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Is the Swedish Model vs. COVID-19 Helping or Hurting?

Should we have followed the Swedish model to avoid mandatory regulations regarding the coronavirus? Or, has "soft" Swedish approach led to extra lives lost?
Is the Swedish Model vs. COVID-19 Helping or Hurting?
Beautiful smiling Swedish girl holds a flag while wearing a protective face mask outdoors.

The Swedish model for managing the coronavirus pandemic is generating tremendous controversy in Europe and around the world. The country never instituted a widespread lockdown. Cafes, restaurants, bars and businesses have remained open and youngsters have continued to attend classes.

Although the country’s public health authorities have denied that they are seeking to achieve herd immunity, the so-called soft Swedish approach encourages people to work from home but is not mandatory. Some have described the Swedish model of coronavirus management as a hands-off approach. It relies on common sense and self-regulation.

Has the Swedish Model Worked?

The Swedish economy has not suffered as much as the rest of Europe or North America. The slowdown there is predicted to be less severe and shorter than in other European countries. After all, most businesses never closed. Of course, exports will ultimately suffer because other countries are likely to cut back on Swedish purchases.

What about health? Has the Swedish model been better or worse when it comes to sickness and death from SARS-CoV-2?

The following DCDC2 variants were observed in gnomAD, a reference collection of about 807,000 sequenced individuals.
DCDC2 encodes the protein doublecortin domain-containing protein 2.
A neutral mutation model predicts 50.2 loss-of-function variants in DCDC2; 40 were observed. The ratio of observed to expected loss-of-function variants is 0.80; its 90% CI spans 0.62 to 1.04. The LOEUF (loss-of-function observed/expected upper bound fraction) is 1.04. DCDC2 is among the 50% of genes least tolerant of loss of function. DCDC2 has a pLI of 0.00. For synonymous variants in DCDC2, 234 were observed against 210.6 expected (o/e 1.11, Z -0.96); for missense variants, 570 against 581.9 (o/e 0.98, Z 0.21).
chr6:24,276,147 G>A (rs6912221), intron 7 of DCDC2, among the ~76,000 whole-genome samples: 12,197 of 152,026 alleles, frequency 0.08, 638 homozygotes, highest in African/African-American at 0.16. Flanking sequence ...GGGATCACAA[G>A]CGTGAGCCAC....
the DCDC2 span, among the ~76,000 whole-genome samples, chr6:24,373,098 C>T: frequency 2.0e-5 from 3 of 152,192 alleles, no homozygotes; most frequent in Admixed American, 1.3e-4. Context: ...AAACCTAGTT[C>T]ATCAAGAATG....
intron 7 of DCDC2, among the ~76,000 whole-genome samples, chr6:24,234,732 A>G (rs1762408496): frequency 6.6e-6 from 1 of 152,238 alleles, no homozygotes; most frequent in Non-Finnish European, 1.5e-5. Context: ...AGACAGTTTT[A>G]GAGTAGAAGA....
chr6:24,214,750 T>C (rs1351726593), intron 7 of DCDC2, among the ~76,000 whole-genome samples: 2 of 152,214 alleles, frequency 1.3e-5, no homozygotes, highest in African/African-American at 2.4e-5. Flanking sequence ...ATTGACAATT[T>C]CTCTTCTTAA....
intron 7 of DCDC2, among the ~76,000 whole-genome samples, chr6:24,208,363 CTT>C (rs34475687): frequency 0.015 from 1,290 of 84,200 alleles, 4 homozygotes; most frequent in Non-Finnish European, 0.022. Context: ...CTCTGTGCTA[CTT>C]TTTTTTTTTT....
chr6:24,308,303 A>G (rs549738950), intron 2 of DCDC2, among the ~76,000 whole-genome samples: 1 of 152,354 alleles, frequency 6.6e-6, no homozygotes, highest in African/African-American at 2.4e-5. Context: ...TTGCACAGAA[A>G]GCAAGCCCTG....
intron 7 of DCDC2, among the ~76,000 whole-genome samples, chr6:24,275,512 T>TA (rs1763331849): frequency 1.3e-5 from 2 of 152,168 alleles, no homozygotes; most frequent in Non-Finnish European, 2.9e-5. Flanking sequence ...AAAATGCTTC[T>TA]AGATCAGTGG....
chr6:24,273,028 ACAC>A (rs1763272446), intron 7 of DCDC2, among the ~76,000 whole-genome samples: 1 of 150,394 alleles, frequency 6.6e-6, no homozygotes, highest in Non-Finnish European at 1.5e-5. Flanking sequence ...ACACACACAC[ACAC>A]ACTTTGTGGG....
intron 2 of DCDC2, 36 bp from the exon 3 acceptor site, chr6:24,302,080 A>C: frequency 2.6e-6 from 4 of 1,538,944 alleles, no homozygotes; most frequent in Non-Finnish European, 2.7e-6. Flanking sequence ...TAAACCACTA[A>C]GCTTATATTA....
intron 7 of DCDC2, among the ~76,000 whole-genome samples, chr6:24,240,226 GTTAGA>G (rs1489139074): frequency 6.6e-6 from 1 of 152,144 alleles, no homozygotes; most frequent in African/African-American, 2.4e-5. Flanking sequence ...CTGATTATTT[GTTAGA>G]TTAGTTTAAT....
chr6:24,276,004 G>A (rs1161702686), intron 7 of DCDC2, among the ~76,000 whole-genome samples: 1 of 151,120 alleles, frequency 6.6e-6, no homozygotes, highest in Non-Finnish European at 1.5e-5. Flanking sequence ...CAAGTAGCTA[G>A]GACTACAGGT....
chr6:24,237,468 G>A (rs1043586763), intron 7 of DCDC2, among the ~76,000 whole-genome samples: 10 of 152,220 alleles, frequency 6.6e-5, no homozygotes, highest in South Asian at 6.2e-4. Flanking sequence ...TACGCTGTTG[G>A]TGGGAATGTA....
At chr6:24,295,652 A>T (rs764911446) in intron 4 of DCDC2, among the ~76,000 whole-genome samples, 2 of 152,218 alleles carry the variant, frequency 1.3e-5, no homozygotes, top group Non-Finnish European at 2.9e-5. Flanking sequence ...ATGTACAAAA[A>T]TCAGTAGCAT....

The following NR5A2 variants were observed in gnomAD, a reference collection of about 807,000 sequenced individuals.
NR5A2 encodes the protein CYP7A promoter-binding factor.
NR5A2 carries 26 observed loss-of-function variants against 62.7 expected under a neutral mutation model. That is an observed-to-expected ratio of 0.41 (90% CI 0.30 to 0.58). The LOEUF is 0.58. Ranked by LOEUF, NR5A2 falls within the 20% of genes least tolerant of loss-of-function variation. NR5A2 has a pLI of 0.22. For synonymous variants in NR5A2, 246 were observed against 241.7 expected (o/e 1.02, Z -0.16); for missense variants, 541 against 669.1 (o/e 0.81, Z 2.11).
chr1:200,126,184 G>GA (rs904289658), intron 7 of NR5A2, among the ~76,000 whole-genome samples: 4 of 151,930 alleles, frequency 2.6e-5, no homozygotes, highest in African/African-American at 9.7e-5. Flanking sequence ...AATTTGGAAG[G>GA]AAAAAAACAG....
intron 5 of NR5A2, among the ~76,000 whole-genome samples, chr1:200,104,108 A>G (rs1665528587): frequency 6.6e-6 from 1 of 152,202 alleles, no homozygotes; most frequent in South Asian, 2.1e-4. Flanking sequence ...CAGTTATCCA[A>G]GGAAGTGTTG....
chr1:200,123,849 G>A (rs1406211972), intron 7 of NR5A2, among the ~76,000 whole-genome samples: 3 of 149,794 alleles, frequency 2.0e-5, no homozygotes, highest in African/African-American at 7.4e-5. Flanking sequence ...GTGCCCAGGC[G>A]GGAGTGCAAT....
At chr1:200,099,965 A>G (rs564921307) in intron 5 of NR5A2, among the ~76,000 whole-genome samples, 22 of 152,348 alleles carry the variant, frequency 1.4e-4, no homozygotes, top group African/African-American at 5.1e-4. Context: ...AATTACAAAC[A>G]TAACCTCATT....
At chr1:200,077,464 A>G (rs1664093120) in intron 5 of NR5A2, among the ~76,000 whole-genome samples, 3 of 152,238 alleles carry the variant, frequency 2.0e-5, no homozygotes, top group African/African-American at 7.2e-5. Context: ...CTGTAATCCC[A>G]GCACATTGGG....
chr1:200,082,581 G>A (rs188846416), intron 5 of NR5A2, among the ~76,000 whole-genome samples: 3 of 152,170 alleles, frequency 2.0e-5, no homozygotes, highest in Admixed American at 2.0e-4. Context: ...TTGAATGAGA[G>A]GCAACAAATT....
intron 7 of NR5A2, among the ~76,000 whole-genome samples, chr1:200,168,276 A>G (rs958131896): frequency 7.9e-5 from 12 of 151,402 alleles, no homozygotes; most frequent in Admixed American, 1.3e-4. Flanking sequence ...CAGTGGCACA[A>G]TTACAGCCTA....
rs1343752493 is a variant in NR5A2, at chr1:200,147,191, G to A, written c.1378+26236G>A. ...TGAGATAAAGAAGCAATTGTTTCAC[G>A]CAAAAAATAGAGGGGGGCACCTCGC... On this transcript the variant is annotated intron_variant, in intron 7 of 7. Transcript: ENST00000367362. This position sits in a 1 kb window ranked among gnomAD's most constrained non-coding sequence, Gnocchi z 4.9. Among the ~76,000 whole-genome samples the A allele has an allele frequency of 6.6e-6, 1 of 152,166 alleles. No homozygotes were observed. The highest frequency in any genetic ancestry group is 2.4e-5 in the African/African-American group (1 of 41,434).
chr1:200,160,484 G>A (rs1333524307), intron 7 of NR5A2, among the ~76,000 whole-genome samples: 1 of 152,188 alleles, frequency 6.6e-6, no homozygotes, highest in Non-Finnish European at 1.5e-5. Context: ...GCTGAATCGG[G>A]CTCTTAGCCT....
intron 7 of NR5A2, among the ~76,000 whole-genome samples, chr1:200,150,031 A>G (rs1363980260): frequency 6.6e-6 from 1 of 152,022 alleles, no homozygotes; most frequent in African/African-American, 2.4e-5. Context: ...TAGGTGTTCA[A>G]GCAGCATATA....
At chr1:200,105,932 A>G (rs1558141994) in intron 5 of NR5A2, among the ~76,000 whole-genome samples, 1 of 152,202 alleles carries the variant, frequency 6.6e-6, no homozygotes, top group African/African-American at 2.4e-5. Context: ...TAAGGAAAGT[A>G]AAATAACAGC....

The Swedish Model and Deaths:

Over the last week, Sweden reported the most deaths per capita compared to other European countries. For example, Sweden had a death rate of 371 per million residents. That’s eight times the death rate of Finland or Norway.

Put another way, in a recent week in mid-May, Sweden averaged 6.25 deaths per million. Compare that with the death rate at the same time frame in Italy of 3 deaths per million inhabitants or Germany, at 0.8 deaths per million. Sweden’s total per capita death rate for the pandemic so far is less than that of Italy, Spain, Belgium or France but much higher than that of neighboring Norway, Finland or Denmark.

A Delayed Reaction?

Europe is beginning to reopen. People are heading back to their workplaces. The Swedish government, however, is encouraging people to work from home. They are also being told to avoid traveling for the next two months. Of course, these are voluntary recommendations.

Only time will tell if the Swedish model was a better approach than the more rigorous lockdown instituted in other Scandinavian countries. In the short run, Denmark, Finland and Norway have a far better track record when it comes to saving lives. Will that difference hold up a year from now? We will have to wait for the stats to answer that question.

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About the Author
Joe Graedon is a pharmacologist who has dedicated his career to making drug information understandable to consumers. His best-selling book, The People’s Pharmacy, was published in 1976 and led to a syndicated newspaper column, syndicated public radio show and web site. In 2006, Long Island University awarded him an honorary doctorate as “one of the country's leading drug experts for the consumer.” .
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